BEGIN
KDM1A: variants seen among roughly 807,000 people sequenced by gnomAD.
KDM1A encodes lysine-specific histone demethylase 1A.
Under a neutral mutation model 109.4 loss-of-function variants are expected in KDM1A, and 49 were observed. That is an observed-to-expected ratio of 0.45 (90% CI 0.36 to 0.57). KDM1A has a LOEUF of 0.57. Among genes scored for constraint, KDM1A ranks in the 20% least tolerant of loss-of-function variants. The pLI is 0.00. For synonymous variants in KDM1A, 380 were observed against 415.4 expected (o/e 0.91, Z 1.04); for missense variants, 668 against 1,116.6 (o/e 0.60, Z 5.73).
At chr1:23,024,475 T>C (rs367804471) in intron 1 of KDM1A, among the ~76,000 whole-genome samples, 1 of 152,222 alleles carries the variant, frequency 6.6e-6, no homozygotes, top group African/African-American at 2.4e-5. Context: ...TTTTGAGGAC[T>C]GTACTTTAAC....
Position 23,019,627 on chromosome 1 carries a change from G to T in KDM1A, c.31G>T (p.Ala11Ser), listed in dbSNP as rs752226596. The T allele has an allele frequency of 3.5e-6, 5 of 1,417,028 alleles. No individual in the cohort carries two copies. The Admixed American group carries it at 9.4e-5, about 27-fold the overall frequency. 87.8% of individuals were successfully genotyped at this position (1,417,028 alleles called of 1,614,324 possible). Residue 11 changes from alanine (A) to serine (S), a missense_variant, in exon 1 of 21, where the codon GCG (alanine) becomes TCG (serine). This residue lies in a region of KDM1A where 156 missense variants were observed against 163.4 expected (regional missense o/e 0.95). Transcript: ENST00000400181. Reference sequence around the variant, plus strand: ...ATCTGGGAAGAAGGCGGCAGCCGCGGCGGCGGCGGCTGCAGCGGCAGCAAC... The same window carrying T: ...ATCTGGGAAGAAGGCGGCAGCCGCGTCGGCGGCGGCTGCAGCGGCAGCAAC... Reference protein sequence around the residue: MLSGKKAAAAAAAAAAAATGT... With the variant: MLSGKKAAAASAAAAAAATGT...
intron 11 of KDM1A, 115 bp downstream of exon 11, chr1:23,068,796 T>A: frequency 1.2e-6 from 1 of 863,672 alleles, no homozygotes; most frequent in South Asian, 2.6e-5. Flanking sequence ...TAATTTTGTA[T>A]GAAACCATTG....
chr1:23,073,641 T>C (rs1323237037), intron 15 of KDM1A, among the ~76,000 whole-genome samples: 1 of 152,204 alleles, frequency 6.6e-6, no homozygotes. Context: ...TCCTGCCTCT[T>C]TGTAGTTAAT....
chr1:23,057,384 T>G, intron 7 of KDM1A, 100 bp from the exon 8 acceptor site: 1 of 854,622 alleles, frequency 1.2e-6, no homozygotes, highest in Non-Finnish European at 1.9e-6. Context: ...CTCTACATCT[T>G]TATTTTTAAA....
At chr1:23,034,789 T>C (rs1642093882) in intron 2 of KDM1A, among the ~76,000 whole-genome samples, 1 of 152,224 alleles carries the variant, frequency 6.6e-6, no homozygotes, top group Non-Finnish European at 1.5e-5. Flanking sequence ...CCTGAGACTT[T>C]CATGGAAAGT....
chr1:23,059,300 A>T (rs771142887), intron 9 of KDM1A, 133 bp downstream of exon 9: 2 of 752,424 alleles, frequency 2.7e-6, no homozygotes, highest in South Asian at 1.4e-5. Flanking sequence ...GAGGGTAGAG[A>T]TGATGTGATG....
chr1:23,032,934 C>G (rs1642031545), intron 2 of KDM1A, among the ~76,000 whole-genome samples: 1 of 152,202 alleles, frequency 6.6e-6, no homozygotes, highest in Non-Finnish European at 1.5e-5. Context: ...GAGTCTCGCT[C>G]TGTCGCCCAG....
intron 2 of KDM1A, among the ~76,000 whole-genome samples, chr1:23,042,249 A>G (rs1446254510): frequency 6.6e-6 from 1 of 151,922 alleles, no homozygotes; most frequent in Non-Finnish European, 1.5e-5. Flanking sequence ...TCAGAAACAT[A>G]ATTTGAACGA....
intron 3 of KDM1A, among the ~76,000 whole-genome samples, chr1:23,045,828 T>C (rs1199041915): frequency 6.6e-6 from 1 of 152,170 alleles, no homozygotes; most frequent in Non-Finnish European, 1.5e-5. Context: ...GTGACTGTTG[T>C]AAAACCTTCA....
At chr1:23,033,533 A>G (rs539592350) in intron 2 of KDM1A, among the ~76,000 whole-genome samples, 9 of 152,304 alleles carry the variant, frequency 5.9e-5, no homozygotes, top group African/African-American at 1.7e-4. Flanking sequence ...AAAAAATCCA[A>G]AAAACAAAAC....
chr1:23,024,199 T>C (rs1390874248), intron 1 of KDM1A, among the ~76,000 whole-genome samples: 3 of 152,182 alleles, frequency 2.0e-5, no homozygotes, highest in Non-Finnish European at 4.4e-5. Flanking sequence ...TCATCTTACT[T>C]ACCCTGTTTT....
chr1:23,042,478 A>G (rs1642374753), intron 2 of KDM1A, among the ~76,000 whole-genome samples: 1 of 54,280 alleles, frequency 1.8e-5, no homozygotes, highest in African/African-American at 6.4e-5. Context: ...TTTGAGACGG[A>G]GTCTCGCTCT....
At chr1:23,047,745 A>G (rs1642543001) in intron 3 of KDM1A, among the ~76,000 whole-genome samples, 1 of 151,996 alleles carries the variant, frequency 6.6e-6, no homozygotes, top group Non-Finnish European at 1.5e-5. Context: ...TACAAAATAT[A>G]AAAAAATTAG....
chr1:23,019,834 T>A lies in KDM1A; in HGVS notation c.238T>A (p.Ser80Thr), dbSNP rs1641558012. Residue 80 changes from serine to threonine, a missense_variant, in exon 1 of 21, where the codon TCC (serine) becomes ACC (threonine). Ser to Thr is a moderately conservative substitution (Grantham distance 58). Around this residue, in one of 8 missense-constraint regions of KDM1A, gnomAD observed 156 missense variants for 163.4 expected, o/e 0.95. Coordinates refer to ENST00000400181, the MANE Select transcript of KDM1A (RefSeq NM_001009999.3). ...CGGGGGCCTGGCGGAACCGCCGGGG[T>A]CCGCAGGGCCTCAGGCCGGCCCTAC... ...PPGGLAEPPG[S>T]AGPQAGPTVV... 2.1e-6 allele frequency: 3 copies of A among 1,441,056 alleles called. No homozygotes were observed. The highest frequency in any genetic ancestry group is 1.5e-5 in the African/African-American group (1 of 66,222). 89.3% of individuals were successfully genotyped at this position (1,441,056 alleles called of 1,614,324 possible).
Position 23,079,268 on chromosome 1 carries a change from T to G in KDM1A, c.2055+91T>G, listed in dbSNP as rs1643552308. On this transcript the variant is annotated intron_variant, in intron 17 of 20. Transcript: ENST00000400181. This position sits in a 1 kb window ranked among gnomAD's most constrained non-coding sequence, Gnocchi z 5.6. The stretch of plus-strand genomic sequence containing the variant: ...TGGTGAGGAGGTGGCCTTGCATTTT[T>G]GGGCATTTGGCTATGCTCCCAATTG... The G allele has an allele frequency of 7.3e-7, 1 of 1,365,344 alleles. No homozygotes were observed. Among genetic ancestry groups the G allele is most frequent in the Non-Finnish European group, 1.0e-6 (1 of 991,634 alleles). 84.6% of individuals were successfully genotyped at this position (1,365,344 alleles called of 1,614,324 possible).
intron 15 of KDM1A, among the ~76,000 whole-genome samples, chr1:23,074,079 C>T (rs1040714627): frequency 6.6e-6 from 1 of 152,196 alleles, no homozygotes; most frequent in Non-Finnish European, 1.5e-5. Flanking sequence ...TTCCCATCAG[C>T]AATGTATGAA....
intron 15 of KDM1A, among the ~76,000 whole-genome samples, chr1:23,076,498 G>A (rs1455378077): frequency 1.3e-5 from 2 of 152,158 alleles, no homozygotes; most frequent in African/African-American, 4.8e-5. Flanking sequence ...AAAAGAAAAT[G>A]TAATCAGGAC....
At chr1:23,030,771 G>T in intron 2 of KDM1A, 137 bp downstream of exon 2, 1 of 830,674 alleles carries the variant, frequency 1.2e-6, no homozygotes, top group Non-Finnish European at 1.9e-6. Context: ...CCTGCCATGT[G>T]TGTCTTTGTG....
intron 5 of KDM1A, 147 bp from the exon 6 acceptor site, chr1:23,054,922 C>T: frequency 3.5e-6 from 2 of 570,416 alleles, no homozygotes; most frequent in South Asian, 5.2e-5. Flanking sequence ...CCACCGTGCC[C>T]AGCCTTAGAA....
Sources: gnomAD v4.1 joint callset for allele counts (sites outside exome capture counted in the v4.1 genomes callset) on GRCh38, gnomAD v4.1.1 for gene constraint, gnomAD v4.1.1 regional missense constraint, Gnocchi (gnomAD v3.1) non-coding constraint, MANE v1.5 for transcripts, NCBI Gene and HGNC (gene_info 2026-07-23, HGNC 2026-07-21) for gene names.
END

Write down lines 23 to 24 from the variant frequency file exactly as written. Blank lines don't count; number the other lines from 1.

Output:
intron 5 of KDM1A, 147 bp from the exon 6 acceptor site, chr1:23,054,922 C>T: frequency 3.5e-6 from 2 of 570,416 alleles, no homozygotes; most frequent in South Asian, 5.2e-5. Flanking sequence ...CCACCGTGCC[C>T]AGCCTTAGAA....
Sources: gnomAD v4.1 joint callset for allele counts (sites outside exome capture counted in the v4.1 genomes callset) on GRCh38, gnomAD v4.1.1 for gene constraint, gnomAD v4.1.1 regional missense constraint, Gnocchi (gnomAD v3.1) non-coding constraint, MANE v1.5 for transcripts, NCBI Gene and HGNC (gene_info 2026-07-23, HGNC 2026-07-21) for gene names.